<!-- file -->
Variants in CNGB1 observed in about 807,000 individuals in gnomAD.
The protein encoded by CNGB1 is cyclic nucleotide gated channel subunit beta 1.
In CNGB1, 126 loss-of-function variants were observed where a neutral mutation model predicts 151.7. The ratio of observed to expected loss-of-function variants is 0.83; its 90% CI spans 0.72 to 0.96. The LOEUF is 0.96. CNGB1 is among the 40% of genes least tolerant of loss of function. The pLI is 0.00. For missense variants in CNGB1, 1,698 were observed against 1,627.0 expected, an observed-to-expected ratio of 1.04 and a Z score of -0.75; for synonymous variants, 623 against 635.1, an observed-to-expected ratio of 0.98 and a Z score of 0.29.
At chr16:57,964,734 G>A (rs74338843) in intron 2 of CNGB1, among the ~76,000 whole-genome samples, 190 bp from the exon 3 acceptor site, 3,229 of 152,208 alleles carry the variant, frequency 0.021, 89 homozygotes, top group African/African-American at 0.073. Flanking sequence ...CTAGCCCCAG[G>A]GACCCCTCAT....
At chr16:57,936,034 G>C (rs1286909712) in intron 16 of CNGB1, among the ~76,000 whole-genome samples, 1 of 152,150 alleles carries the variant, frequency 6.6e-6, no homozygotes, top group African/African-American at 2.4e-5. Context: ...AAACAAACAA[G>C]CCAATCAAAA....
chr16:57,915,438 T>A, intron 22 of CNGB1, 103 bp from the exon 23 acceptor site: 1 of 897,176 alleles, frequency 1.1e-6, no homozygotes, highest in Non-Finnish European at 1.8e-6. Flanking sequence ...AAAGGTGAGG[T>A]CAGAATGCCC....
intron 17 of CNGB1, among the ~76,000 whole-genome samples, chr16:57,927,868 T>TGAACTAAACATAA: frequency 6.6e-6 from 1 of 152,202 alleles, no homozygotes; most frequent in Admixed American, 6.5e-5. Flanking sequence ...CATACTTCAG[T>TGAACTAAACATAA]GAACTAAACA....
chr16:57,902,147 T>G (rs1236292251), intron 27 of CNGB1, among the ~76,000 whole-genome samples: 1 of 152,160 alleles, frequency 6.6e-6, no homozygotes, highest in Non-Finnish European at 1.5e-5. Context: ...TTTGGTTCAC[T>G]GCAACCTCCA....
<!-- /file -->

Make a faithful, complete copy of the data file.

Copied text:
Variants in CNGB1 observed in about 807,000 individuals in gnomAD.
The protein encoded by CNGB1 is cyclic nucleotide gated channel subunit beta 1.
In CNGB1, 126 loss-of-function variants were observed where a neutral mutation model predicts 151.7. The ratio of observed to expected loss-of-function variants is 0.83; its 90% CI spans 0.72 to 0.96. The LOEUF is 0.96. CNGB1 is among the 40% of genes least tolerant of loss of function. The pLI is 0.00. For missense variants in CNGB1, 1,698 were observed against 1,627.0 expected, an observed-to-expected ratio of 1.04 and a Z score of -0.75; for synonymous variants, 623 against 635.1, an observed-to-expected ratio of 0.98 and a Z score of 0.29.
At chr16:57,964,734 G>A (rs74338843) in intron 2 of CNGB1, among the ~76,000 whole-genome samples, 190 bp from the exon 3 acceptor site, 3,229 of 152,208 alleles carry the variant, frequency 0.021, 89 homozygotes, top group African/African-American at 0.073. Flanking sequence ...CTAGCCCCAG[G>A]GACCCCTCAT....
At chr16:57,936,034 G>C (rs1286909712) in intron 16 of CNGB1, among the ~76,000 whole-genome samples, 1 of 152,150 alleles carries the variant, frequency 6.6e-6, no homozygotes, top group African/African-American at 2.4e-5. Context: ...AAACAAACAA[G>C]CCAATCAAAA....
chr16:57,915,438 T>A, intron 22 of CNGB1, 103 bp from the exon 23 acceptor site: 1 of 897,176 alleles, frequency 1.1e-6, no homozygotes, highest in Non-Finnish European at 1.8e-6. Flanking sequence ...AAAGGTGAGG[T>A]CAGAATGCCC....
intron 17 of CNGB1, among the ~76,000 whole-genome samples, chr16:57,927,868 T>TGAACTAAACATAA: frequency 6.6e-6 from 1 of 152,202 alleles, no homozygotes; most frequent in Admixed American, 6.5e-5. Flanking sequence ...CATACTTCAG[T>TGAACTAAACATAA]GAACTAAACA....
chr16:57,902,147 T>G (rs1236292251), intron 27 of CNGB1, among the ~76,000 whole-genome samples: 1 of 152,160 alleles, frequency 6.6e-6, no homozygotes, highest in Non-Finnish European at 1.5e-5. Context: ...TTTGGTTCAC[T>G]GCAACCTCCA....